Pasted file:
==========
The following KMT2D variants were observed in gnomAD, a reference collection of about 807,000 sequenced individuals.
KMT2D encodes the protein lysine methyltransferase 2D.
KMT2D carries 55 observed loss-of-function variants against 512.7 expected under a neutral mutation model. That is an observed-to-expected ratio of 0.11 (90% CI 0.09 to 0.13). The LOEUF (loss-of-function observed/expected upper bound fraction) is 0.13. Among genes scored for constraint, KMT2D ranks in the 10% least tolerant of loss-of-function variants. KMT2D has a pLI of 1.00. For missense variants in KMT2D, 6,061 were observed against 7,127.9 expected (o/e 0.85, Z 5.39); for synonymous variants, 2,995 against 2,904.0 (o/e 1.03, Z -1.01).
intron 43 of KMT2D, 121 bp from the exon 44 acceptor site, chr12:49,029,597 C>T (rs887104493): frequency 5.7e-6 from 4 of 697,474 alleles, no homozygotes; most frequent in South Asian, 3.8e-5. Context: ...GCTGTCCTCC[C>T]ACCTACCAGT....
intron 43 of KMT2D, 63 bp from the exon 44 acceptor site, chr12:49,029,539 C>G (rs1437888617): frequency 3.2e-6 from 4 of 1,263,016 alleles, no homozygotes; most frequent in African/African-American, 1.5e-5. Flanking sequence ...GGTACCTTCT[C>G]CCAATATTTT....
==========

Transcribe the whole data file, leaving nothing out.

The following KMT2D variants were observed in gnomAD, a reference collection of about 807,000 sequenced individuals.
KMT2D encodes the protein lysine methyltransferase 2D.
KMT2D carries 55 observed loss-of-function variants against 512.7 expected under a neutral mutation model. That is an observed-to-expected ratio of 0.11 (90% CI 0.09 to 0.13). The LOEUF (loss-of-function observed/expected upper bound fraction) is 0.13. Among genes scored for constraint, KMT2D ranks in the 10% least tolerant of loss-of-function variants. KMT2D has a pLI of 1.00. For missense variants in KMT2D, 6,061 were observed against 7,127.9 expected (o/e 0.85, Z 5.39); for synonymous variants, 2,995 against 2,904.0 (o/e 1.03, Z -1.01).
intron 43 of KMT2D, 121 bp from the exon 44 acceptor site, chr12:49,029,597 C>T (rs887104493): frequency 5.7e-6 from 4 of 697,474 alleles, no homozygotes; most frequent in South Asian, 3.8e-5. Context: ...GCTGTCCTCC[C>T]ACCTACCAGT....
intron 43 of KMT2D, 63 bp from the exon 44 acceptor site, chr12:49,029,539 C>G (rs1437888617): frequency 3.2e-6 from 4 of 1,263,016 alleles, no homozygotes; most frequent in African/African-American, 1.5e-5. Flanking sequence ...GGTACCTTCT[C>G]CCAATATTTT....